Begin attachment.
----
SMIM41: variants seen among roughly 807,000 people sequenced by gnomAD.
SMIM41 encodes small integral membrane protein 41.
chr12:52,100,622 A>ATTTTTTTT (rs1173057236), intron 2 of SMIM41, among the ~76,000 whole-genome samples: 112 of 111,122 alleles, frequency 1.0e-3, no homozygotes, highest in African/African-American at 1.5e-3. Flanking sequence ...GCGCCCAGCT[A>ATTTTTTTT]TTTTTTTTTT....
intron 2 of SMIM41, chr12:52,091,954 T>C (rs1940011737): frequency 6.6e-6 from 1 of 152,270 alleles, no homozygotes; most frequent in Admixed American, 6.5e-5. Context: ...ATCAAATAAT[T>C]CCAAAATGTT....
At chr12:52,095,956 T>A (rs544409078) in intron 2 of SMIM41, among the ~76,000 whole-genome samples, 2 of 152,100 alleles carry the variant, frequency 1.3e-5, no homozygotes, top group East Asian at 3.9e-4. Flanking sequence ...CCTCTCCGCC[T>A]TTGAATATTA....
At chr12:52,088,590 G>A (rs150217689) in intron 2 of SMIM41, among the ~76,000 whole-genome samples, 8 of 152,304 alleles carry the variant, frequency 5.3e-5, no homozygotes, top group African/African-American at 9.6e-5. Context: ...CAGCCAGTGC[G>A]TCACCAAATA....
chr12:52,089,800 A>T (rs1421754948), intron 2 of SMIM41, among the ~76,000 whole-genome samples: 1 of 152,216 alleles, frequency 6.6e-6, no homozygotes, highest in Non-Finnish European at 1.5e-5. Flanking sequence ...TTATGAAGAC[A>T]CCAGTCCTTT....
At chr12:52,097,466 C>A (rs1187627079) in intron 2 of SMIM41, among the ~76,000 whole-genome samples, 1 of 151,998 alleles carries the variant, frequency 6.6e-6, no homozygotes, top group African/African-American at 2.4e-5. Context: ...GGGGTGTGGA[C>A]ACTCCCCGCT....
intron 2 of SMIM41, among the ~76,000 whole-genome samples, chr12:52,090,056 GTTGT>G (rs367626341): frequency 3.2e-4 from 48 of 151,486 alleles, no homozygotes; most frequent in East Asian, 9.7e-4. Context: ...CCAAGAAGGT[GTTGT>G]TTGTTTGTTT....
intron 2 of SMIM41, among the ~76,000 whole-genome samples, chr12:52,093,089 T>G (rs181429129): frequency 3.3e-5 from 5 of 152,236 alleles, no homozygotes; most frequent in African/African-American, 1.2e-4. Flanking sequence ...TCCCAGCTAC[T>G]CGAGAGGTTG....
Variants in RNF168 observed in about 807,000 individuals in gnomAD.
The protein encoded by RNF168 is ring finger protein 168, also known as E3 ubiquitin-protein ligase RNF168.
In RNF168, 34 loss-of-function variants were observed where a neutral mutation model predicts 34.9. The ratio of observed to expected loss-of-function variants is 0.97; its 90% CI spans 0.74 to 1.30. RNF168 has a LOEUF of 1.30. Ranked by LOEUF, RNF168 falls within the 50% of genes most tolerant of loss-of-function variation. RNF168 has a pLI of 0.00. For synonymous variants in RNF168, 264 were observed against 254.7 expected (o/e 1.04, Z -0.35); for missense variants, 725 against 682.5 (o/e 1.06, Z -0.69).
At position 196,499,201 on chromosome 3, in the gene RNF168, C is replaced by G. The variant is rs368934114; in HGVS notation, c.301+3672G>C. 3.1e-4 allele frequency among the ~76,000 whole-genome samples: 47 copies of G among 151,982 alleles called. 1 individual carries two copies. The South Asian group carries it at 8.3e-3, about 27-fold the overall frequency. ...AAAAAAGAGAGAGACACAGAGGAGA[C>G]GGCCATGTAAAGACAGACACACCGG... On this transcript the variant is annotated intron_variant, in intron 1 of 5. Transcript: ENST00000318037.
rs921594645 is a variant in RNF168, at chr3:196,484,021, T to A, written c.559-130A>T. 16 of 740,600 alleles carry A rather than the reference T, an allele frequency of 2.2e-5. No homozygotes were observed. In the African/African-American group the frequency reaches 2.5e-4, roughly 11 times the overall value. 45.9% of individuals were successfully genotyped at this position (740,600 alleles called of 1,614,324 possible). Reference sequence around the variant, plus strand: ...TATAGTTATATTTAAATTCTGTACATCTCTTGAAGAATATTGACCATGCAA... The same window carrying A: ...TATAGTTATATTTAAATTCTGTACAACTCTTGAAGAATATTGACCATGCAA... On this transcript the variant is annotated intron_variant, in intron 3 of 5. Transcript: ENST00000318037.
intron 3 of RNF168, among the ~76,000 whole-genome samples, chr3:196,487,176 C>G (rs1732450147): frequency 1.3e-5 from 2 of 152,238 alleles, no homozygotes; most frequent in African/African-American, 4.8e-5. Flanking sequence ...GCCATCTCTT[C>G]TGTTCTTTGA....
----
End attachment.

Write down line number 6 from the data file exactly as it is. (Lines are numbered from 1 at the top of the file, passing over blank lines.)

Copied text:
At chr12:52,088,590 G>A (rs150217689) in intron 2 of SMIM41, among the ~76,000 whole-genome samples, 8 of 152,304 alleles carry the variant, frequency 5.3e-5, no homozygotes, top group African/African-American at 9.6e-5. Context: ...CAGCCAGTGC[G>A]TCACCAAATA....